Once hugely popular, an approach to language instruction that made use of a technique called interlineal translation is now dead. The method, championed by a crusading English businessman named James Hamilton in the early 19th century -- and exported to America, where it remained popular into the 20th century -- was supposed to open the gates of a classical education to the masses.
Hamilton's innovation was to introduce students immediately to English translations of Greek or Latin works, rather than forcing them to stumble through dictionaries. In his instructional books, lines of English alternated with the classical languages. (Later, as the system took off, he branched into French, Italian, and German: John Stuart Mill learned German this way). In the Hamiltonian System, translations were jerry-rigged so that the English synonym typically stood directly its foreign analogue, for easy comparison.
Hamilton's ardent view was that the the traditional method of instruction, heavy on vocab drills and syntax memorization, was tiresome, inefficient, and elitist (because it demanded years of schooling, usually private schooling). But in the current American Scholar [article not online], the writer Ernest Blum says Hamilton got both the diagnosis and the solution right, and that the Hamiltonian System should be revived.
Blum cites the dismal performance of students in the United States and elsewhere on foreign-language tests, and pins the blame on reigning pedagogical theories. These hold that students must immerse themselves fully in foreign texts, translating painstakingly on their own, so that they get a straight dose of the new language. But Blum argues that scholarship in linguistics over the past few decades demonstrates that students who follow that course will likely never learn enough words to achieve mastery.
The problem stems from Zipf's Law, after a Harvard linguist, George Kingsley Zipf, who died in 1950. This law holds, as one summary puts it, that "almost all words are rare." In the Greek New Testament, for example, a mere 320 words account for about 80 percent of the text. But the remaining 20 percent is made up of a fearsome 5,120 words, many of which appear only once. And that's only one Greek book. That pattern holds in most languages. Basically, such studies of vocabulary suggest that students need to know many, many more words than they presently do -- and more rare words -- in order to get through books. They need a massive dose of help on the vocab front. (One scholarly estimate is that a reader must know 95 percent of the words in a book in order to guess the rest by context; few students today come close to that.) Blum says reviving the Hamiltonian system is the answer. "In no other classrooms on campus is basic information systematically withheld as a matter of policy and principle," he writes. "What is withheld is the information on the meaning of words."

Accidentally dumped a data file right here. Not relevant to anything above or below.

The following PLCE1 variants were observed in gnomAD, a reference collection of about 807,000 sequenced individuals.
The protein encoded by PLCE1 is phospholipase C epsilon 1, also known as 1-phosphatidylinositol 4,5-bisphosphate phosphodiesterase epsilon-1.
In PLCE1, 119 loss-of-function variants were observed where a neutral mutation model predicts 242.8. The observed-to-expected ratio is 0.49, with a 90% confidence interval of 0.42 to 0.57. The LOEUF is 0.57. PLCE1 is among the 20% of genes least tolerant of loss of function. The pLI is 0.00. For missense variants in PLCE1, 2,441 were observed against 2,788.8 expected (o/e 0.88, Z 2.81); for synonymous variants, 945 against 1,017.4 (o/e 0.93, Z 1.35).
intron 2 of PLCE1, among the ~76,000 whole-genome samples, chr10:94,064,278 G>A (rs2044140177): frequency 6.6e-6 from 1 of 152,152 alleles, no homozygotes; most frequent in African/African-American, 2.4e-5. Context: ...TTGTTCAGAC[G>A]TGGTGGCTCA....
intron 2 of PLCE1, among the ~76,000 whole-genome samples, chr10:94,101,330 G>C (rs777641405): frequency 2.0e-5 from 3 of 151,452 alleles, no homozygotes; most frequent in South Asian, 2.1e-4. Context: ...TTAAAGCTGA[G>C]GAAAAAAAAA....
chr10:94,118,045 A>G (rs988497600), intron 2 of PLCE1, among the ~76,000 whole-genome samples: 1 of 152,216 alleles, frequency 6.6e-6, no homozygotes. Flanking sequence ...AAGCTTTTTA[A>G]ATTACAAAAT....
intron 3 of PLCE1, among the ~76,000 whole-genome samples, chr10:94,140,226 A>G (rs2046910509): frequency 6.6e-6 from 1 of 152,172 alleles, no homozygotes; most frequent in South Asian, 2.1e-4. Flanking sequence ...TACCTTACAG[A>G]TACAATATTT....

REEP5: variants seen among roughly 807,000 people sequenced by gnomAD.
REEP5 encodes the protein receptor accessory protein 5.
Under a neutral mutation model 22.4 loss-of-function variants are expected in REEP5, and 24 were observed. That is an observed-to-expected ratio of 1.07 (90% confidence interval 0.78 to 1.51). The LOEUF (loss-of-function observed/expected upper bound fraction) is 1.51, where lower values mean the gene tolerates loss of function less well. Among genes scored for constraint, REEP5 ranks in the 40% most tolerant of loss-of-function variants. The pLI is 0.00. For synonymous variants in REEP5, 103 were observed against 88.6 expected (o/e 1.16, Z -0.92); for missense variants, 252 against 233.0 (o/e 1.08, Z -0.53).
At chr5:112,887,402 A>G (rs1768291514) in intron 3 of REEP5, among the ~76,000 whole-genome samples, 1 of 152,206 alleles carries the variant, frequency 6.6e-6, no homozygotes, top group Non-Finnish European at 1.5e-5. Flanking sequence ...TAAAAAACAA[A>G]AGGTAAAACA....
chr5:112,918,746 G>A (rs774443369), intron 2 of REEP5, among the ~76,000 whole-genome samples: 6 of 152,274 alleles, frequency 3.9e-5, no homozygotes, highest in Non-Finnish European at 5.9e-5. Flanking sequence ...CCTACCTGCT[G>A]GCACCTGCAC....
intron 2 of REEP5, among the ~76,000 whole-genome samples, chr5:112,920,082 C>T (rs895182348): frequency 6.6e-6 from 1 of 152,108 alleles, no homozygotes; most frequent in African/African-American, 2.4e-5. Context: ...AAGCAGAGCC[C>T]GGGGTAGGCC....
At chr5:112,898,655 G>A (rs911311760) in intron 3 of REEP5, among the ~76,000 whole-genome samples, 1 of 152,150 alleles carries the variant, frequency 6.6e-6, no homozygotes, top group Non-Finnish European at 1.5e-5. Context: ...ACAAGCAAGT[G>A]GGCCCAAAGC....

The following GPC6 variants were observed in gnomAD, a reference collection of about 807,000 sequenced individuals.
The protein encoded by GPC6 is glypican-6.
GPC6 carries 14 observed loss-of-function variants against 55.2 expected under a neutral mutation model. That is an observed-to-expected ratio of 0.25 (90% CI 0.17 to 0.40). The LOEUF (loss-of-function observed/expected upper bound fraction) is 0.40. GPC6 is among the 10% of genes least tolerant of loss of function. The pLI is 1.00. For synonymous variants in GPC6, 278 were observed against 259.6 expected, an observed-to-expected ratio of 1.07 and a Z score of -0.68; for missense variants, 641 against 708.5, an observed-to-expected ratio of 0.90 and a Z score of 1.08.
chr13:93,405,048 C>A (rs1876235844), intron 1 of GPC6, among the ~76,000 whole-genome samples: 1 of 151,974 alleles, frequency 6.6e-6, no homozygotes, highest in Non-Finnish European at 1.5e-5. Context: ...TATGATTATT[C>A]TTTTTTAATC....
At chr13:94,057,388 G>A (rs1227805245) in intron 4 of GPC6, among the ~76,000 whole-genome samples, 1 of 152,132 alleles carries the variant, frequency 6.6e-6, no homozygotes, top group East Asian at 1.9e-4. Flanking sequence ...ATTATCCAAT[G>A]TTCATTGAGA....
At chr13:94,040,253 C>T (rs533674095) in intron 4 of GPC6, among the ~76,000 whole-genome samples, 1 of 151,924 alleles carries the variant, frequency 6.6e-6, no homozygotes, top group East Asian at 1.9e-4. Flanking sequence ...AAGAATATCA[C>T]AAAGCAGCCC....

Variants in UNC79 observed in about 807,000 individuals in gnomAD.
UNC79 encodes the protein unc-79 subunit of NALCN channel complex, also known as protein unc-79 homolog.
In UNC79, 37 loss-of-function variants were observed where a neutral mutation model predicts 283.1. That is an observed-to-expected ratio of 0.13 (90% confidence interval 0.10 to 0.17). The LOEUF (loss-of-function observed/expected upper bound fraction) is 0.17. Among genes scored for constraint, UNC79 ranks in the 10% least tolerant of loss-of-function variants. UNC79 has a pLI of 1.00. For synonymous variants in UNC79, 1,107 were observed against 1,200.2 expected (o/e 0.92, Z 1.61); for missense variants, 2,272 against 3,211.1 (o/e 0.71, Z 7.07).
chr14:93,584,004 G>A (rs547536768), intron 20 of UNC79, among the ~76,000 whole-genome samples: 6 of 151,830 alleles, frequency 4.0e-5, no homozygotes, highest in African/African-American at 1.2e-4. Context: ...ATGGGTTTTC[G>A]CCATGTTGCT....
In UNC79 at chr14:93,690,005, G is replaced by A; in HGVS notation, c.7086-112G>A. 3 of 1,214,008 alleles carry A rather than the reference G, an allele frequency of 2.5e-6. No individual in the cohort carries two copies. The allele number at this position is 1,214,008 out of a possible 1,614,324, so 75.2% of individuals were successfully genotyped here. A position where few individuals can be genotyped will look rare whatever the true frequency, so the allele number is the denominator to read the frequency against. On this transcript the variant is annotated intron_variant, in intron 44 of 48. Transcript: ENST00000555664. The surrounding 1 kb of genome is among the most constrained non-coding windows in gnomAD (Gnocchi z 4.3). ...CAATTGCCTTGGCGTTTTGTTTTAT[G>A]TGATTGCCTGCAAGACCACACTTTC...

As it happens, the Loeb Classical Library, those famous red and green books published by Harvard University Press, have the translations on the facing page of the text. For that reason they are usually banned from beginning and intermediate language classes, branded as unhelpful crutches. Blum, to be clear, says the Loebs aren't the same as Hamiltonian texts -- but it would appear that they're the next best thing, at least for advanced beginners. Might the American Scholar article offer a hook that could get the Loebs into language classes -- and, not incidentally, boost sales?
Sadly, Jeffrey Henderson, a professor of Greek at Boston University and the general editor of the Loeb Classical Library, is too scrupulous to seize the opportunity: As it happens, he endorses current language pedagogy. While it's helpful for students to have vocabulary references on the page they are reading (perhaps in footnotes), he says in an email, exposing them to translations too soon short-circuits language mastery. "[T]ranslations to some extent always misrepresent the way the original language works," he emails. "It's best that the learner figure this out directly." (He does not neglect to add that the books are wonderful choices for more seasoned classicists!)
At least one noted writer and critic dissents from the idea that beginners should steer clear of the Loebs. Clive James, in "Cultural Amnesia" (2007), says adults trying to learn Latin should reject the arguments of "purists": "[W]hen they warn you off the Loeb Library," he says, "they are giving you the exact reason you should hold it dear -- it's a painless dictionary."
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